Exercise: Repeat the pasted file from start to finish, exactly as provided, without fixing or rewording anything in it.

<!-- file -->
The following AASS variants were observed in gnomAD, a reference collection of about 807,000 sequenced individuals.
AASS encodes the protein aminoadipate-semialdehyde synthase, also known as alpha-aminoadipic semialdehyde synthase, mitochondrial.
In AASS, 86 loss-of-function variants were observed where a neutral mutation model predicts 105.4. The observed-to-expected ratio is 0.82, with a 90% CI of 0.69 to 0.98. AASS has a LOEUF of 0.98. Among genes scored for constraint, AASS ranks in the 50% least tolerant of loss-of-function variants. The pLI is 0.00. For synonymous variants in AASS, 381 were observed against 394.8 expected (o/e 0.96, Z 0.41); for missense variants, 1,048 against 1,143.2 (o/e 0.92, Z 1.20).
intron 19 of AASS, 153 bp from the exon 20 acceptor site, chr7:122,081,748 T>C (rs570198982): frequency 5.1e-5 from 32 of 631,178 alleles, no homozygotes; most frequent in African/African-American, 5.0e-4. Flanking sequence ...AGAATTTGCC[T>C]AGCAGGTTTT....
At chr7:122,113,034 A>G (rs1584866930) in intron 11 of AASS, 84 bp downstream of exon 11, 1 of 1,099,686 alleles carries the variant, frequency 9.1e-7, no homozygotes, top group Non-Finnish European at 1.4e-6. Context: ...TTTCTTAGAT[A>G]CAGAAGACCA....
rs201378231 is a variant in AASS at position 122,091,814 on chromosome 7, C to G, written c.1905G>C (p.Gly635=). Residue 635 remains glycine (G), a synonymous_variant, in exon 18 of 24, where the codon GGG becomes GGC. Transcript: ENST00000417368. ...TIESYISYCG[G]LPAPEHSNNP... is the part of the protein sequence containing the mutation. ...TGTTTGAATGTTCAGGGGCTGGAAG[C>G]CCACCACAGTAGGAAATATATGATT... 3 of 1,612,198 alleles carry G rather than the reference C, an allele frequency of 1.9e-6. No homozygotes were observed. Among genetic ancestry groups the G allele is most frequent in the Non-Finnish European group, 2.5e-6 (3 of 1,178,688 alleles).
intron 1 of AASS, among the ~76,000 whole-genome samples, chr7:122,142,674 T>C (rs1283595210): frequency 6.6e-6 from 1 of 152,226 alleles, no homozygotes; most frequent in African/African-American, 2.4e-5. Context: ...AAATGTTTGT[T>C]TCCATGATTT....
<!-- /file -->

The following AASS variants were observed in gnomAD, a reference collection of about 807,000 sequenced individuals.
AASS encodes the protein aminoadipate-semialdehyde synthase, also known as alpha-aminoadipic semialdehyde synthase, mitochondrial.
In AASS, 86 loss-of-function variants were observed where a neutral mutation model predicts 105.4. The observed-to-expected ratio is 0.82, with a 90% CI of 0.69 to 0.98. AASS has a LOEUF of 0.98. Among genes scored for constraint, AASS ranks in the 50% least tolerant of loss-of-function variants. The pLI is 0.00. For synonymous variants in AASS, 381 were observed against 394.8 expected (o/e 0.96, Z 0.41); for missense variants, 1,048 against 1,143.2 (o/e 0.92, Z 1.20).
intron 19 of AASS, 153 bp from the exon 20 acceptor site, chr7:122,081,748 T>C (rs570198982): frequency 5.1e-5 from 32 of 631,178 alleles, no homozygotes; most frequent in African/African-American, 5.0e-4. Flanking sequence ...AGAATTTGCC[T>C]AGCAGGTTTT....
At chr7:122,113,034 A>G (rs1584866930) in intron 11 of AASS, 84 bp downstream of exon 11, 1 of 1,099,686 alleles carries the variant, frequency 9.1e-7, no homozygotes, top group Non-Finnish European at 1.4e-6. Context: ...TTTCTTAGAT[A>G]CAGAAGACCA....
rs201378231 is a variant in AASS at position 122,091,814 on chromosome 7, C to G, written c.1905G>C (p.Gly635=). Residue 635 remains glycine (G), a synonymous_variant, in exon 18 of 24, where the codon GGG becomes GGC. Transcript: ENST00000417368. ...TIESYISYCG[G]LPAPEHSNNP... is the part of the protein sequence containing the mutation. ...TGTTTGAATGTTCAGGGGCTGGAAG[C>G]CCACCACAGTAGGAAATATATGATT... 3 of 1,612,198 alleles carry G rather than the reference C, an allele frequency of 1.9e-6. No homozygotes were observed. Among genetic ancestry groups the G allele is most frequent in the Non-Finnish European group, 2.5e-6 (3 of 1,178,688 alleles).
intron 1 of AASS, among the ~76,000 whole-genome samples, chr7:122,142,674 T>C (rs1283595210): frequency 6.6e-6 from 1 of 152,226 alleles, no homozygotes; most frequent in African/African-American, 2.4e-5. Context: ...AAATGTTTGT[T>C]TCCATGATTT....